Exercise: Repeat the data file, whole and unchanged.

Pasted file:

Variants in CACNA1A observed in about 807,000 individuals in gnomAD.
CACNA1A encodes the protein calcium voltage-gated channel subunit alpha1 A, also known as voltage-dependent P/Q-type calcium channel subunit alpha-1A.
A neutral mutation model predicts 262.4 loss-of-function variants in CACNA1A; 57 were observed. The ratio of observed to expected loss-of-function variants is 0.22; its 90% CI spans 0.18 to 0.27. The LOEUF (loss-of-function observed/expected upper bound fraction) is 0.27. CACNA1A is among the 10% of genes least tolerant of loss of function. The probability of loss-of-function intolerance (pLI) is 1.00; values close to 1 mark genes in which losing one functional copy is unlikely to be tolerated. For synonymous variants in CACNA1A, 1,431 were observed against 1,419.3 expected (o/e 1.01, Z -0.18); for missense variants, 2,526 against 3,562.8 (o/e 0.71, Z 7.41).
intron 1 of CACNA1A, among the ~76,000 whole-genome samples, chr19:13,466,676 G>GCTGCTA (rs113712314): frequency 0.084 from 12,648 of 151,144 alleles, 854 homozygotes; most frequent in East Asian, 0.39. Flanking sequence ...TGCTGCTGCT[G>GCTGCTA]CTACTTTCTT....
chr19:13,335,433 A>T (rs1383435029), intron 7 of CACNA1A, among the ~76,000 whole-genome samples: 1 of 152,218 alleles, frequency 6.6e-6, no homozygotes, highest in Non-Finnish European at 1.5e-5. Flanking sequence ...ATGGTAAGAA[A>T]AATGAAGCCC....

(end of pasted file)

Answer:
Variants in CACNA1A observed in about 807,000 individuals in gnomAD.
CACNA1A encodes the protein calcium voltage-gated channel subunit alpha1 A, also known as voltage-dependent P/Q-type calcium channel subunit alpha-1A.
A neutral mutation model predicts 262.4 loss-of-function variants in CACNA1A; 57 were observed. The ratio of observed to expected loss-of-function variants is 0.22; its 90% CI spans 0.18 to 0.27. The LOEUF (loss-of-function observed/expected upper bound fraction) is 0.27. CACNA1A is among the 10% of genes least tolerant of loss of function. The probability of loss-of-function intolerance (pLI) is 1.00; values close to 1 mark genes in which losing one functional copy is unlikely to be tolerated. For synonymous variants in CACNA1A, 1,431 were observed against 1,419.3 expected (o/e 1.01, Z -0.18); for missense variants, 2,526 against 3,562.8 (o/e 0.71, Z 7.41).
intron 1 of CACNA1A, among the ~76,000 whole-genome samples, chr19:13,466,676 G>GCTGCTA (rs113712314): frequency 0.084 from 12,648 of 151,144 alleles, 854 homozygotes; most frequent in East Asian, 0.39. Flanking sequence ...TGCTGCTGCT[G>GCTGCTA]CTACTTTCTT....
chr19:13,335,433 A>T (rs1383435029), intron 7 of CACNA1A, among the ~76,000 whole-genome samples: 1 of 152,218 alleles, frequency 6.6e-6, no homozygotes, highest in Non-Finnish European at 1.5e-5. Flanking sequence ...ATGGTAAGAA[A>T]AATGAAGCCC....